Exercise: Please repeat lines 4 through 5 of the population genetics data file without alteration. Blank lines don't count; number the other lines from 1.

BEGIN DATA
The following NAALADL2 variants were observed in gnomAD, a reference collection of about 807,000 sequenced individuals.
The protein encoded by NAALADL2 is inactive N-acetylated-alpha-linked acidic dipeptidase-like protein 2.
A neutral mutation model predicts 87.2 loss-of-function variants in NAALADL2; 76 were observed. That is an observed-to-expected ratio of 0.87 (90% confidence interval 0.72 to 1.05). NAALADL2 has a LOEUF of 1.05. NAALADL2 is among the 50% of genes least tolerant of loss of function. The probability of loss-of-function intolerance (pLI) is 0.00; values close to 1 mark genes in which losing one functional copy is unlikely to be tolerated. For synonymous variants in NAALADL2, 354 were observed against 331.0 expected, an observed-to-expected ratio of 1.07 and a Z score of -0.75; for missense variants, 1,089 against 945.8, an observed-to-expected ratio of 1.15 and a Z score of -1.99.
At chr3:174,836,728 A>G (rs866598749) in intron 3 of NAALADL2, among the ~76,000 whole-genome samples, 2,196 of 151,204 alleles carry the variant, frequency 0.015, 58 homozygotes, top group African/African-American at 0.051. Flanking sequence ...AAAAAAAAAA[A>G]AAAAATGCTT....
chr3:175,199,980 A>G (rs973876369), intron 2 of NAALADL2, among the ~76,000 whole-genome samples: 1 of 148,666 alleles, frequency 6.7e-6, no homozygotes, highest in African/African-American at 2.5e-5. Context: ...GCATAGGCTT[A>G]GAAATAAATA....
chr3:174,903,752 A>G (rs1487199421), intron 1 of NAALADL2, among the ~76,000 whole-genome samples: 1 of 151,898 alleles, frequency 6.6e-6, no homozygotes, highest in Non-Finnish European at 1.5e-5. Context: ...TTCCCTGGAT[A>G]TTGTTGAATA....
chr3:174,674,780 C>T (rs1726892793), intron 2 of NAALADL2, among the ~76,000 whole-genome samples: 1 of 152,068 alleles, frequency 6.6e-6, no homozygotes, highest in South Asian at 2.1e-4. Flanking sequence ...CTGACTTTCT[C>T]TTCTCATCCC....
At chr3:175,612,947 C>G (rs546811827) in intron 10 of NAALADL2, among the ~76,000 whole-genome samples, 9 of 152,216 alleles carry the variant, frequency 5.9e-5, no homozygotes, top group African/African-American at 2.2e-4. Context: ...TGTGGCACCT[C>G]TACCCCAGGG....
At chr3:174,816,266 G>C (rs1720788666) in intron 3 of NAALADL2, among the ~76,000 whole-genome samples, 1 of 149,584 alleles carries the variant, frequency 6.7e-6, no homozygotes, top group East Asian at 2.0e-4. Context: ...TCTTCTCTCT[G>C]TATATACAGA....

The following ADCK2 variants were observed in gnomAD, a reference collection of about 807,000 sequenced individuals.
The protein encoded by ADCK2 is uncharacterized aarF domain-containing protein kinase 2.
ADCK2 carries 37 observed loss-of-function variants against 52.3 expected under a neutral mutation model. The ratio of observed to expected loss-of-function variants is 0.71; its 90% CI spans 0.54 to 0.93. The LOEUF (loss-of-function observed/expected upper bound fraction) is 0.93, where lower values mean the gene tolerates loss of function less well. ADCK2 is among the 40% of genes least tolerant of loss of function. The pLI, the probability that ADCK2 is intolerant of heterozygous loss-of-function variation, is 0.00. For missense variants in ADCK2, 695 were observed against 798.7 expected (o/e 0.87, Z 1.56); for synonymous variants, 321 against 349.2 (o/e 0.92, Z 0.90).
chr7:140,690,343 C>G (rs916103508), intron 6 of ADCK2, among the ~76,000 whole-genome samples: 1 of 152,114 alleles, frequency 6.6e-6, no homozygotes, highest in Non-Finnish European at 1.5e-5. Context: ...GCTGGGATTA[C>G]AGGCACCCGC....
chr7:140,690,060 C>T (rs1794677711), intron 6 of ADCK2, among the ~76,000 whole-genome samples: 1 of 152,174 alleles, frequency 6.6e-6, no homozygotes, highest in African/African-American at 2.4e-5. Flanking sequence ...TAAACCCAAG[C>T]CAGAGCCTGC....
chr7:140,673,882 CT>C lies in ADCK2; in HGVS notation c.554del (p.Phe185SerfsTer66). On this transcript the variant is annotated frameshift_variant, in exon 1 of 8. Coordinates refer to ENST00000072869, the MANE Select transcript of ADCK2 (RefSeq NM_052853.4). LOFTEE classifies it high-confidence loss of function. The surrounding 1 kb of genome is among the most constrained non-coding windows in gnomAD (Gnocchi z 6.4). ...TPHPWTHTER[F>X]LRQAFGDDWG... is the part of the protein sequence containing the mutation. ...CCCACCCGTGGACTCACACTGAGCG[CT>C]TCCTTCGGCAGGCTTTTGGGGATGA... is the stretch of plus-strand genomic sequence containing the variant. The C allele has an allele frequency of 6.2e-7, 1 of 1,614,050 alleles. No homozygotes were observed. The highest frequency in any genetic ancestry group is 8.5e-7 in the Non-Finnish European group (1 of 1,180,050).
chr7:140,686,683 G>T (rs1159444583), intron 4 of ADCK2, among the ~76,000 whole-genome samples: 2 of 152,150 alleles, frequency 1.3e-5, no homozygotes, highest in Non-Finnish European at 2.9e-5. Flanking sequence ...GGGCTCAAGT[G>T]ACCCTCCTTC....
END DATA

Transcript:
At chr3:174,836,728 A>G (rs866598749) in intron 3 of NAALADL2, among the ~76,000 whole-genome samples, 2,196 of 151,204 alleles carry the variant, frequency 0.015, 58 homozygotes, top group African/African-American at 0.051. Flanking sequence ...AAAAAAAAAA[A>G]AAAAATGCTT....
chr3:175,199,980 A>G (rs973876369), intron 2 of NAALADL2, among the ~76,000 whole-genome samples: 1 of 148,666 alleles, frequency 6.7e-6, no homozygotes, highest in African/African-American at 2.5e-5. Context: ...GCATAGGCTT[A>G]GAAATAAATA....